Policy Transformations Required to Meet India's Solar Target

India is working to reach its ambitious objective of 280 GW of solar power by 2030, and the industry is still debating how government and state policies might give it the boost it needs to succeed.

With capacity additions exceeding the 10 GW barrier for the first-time last year, India’s solar industry had a landmark year. This gives reason for optimism that India will meet its goal of 500 GW of renewable energy by 2030. 280 GW of the 500 GW renewable energy target is designated for solar power. This indicates that through 2030, an additional 27 GW of solar capacity must be added yearly. The aim is undoubtedly difficult. But despite the difficulties the renewable energy sector faces, both industry and policymakers remain optimistic.

There are various obstacles to overcome; for example, the Basic Customs Duty (BCD) and Approved List of Models and Manufacturers (ALMM) limit the import of solar modules. This means that only solar modules developed in India may be purchased by developers. The ability to produce domestic modules is, however, constrained. Through programmes like the performance-incentive linked (PLI) programme for module manufacturing, the government has put a strong emphasis on fostering self-reliance.

Like this, the recently announced green energy open access policy and rooftop solar subsidies are positive milestones. These regulations are anticipated to influence consumers in the commercial and industrial sectors to choose solar.

According to the National Institute of Solar Energy, assuming that 3% of the country’s wasteland area is covered by solar photovoltaic modules, the country has a solar potential of roughly 748 GW. The gross wind potential at 120 metres is 695 GW, according to the National Institute of Wind Energy. A number of the largest solar parks in the world have been established thanks to the nation’s focus on creating large-scale renewable parks through the “Ultra Mega Power Projects” programme. In addition, legislative assistance in the form of programmes like priority grid access for renewable energy sources has greatly increased utility-scale renewable capacity and attracted a sizable amount of private investment. Through programmes like the “Grid Connected Rooftop Solar Programme” and the “PM KUSUM” scheme for farmers constructing solar pumps and grid-connected solar,” even small-scale renewable energy adoption has been promoted.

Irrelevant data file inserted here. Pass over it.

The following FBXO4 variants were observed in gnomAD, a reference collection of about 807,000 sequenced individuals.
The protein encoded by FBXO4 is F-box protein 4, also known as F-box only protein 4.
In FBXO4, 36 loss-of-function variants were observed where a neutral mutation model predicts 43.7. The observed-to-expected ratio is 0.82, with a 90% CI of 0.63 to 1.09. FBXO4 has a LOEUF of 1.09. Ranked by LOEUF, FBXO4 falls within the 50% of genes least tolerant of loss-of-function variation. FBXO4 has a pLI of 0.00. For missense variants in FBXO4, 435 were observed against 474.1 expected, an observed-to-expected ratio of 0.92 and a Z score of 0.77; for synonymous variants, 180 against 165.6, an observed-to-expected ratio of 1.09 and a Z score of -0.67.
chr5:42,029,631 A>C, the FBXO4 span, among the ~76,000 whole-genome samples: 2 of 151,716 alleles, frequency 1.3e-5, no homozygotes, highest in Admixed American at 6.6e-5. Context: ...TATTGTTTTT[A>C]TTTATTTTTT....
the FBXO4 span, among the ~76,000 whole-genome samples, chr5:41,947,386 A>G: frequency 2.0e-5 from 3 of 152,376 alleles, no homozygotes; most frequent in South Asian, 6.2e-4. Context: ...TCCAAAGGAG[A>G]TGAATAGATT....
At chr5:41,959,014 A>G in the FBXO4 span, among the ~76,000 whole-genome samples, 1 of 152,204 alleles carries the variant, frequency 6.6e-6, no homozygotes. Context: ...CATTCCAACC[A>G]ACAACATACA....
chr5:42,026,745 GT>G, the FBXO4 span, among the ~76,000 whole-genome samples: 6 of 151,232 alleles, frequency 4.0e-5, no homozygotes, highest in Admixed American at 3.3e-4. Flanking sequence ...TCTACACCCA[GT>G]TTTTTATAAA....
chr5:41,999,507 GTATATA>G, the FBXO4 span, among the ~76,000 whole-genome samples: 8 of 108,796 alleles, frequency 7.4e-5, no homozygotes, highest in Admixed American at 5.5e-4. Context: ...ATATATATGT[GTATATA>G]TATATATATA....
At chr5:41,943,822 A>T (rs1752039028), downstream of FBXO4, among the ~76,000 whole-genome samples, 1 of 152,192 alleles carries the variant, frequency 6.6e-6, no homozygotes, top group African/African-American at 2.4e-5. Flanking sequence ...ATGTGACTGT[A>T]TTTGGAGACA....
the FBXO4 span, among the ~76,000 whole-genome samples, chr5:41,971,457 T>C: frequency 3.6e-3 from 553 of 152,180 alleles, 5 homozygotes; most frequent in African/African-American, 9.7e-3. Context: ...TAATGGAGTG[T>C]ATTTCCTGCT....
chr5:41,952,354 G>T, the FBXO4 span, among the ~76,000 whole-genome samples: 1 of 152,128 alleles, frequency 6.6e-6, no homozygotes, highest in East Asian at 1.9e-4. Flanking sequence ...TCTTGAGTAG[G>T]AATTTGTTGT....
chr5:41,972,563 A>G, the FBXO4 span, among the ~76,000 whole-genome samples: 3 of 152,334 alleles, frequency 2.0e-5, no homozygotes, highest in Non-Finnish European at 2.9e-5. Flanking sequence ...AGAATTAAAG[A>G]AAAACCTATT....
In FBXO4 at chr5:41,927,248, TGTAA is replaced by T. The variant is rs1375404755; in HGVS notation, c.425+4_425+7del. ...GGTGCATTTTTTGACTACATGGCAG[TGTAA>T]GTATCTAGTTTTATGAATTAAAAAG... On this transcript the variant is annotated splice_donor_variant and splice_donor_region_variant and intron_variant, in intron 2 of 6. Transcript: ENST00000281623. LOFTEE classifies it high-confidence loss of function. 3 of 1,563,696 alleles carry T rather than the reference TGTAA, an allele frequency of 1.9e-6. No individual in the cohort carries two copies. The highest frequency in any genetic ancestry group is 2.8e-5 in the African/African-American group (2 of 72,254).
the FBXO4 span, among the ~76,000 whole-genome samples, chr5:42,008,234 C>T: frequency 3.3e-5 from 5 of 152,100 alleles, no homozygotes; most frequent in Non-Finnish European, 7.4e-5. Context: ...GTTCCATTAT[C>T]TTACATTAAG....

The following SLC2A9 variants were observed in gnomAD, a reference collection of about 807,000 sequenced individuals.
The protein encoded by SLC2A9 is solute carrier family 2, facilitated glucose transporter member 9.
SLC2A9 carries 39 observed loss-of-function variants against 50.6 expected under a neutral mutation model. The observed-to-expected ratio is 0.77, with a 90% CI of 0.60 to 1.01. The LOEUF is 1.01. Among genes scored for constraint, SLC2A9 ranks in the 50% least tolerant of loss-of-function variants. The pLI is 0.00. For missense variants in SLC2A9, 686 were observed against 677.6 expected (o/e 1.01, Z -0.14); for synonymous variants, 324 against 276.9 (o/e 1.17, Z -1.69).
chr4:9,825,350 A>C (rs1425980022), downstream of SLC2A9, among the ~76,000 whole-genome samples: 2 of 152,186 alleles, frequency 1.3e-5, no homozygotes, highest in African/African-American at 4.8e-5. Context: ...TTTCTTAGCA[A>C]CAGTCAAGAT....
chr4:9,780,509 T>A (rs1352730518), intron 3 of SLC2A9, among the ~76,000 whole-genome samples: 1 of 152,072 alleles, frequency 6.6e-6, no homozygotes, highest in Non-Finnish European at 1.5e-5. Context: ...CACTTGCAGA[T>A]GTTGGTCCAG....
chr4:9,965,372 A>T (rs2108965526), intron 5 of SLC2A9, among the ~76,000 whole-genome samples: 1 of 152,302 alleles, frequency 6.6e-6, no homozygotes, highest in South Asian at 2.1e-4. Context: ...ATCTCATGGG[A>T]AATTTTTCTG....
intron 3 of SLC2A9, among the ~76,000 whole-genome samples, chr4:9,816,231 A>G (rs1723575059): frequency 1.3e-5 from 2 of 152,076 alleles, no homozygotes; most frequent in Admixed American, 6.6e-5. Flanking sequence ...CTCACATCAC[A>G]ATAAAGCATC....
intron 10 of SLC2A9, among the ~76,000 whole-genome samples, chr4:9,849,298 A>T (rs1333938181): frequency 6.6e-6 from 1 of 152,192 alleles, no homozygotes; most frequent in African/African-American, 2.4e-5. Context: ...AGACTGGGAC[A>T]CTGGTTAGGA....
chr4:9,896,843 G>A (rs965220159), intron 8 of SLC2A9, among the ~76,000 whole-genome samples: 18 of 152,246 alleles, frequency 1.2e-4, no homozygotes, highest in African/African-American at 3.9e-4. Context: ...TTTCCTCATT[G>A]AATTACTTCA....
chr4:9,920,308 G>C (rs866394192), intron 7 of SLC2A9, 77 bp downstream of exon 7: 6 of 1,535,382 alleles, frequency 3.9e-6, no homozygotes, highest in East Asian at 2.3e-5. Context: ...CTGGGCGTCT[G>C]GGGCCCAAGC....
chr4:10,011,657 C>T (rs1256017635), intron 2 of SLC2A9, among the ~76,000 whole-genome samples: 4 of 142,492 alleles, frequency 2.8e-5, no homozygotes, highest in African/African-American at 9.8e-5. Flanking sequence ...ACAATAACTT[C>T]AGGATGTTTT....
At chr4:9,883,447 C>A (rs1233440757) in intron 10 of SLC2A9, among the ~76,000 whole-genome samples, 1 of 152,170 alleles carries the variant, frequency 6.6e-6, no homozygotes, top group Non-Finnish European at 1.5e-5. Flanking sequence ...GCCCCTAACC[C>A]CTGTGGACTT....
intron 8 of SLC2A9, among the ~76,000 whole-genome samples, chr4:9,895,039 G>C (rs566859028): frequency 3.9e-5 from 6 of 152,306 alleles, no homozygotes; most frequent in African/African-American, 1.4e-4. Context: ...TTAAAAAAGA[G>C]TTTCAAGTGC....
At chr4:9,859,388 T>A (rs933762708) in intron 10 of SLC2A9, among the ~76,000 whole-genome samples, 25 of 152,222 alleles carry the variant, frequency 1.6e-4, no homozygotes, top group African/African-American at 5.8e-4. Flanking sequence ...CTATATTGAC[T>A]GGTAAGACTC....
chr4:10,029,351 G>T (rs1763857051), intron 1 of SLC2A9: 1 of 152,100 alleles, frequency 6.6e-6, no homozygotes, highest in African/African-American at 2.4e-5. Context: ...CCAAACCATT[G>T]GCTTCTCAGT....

The industry has experienced difficulties controlling project costs and preserving profitability as the cost of renewable energy components increases as a result of supply chain and availability challenges. To control price hikes and the scarcity of solar modules, a local solar manufacturing ecosystem is required. “The renewable purchase obligations also need more stricter restrictions to ensure successful implementation. Another crucial component is resolving the conundrum of the state DISCOMs’ cash flow issues, which the government is attempting to do by amending the Central Electricity Act.

Possibilities for longer-term financing, for which the government must develop regulations that adhere to the conditions of the power purchase agreement. “The government must provide interest rates that are globally competitive and increase the amount of financing available, either by creating a separate clean energy fund or by encouraging banks and other financial institutions to allocate more funds to clean energy.” policies pertaining to land acquisition and connection. The list of substations with available injection capacity is now being published by states like Gujarat, Maharashtra, and Rajasthan. The remainder of the nation needs to follow suit. The process for allocating connectivity at a specific substation must be open and transparent, and the list must be updated on a regular basis to reflect connectivity awarded since the last state tender.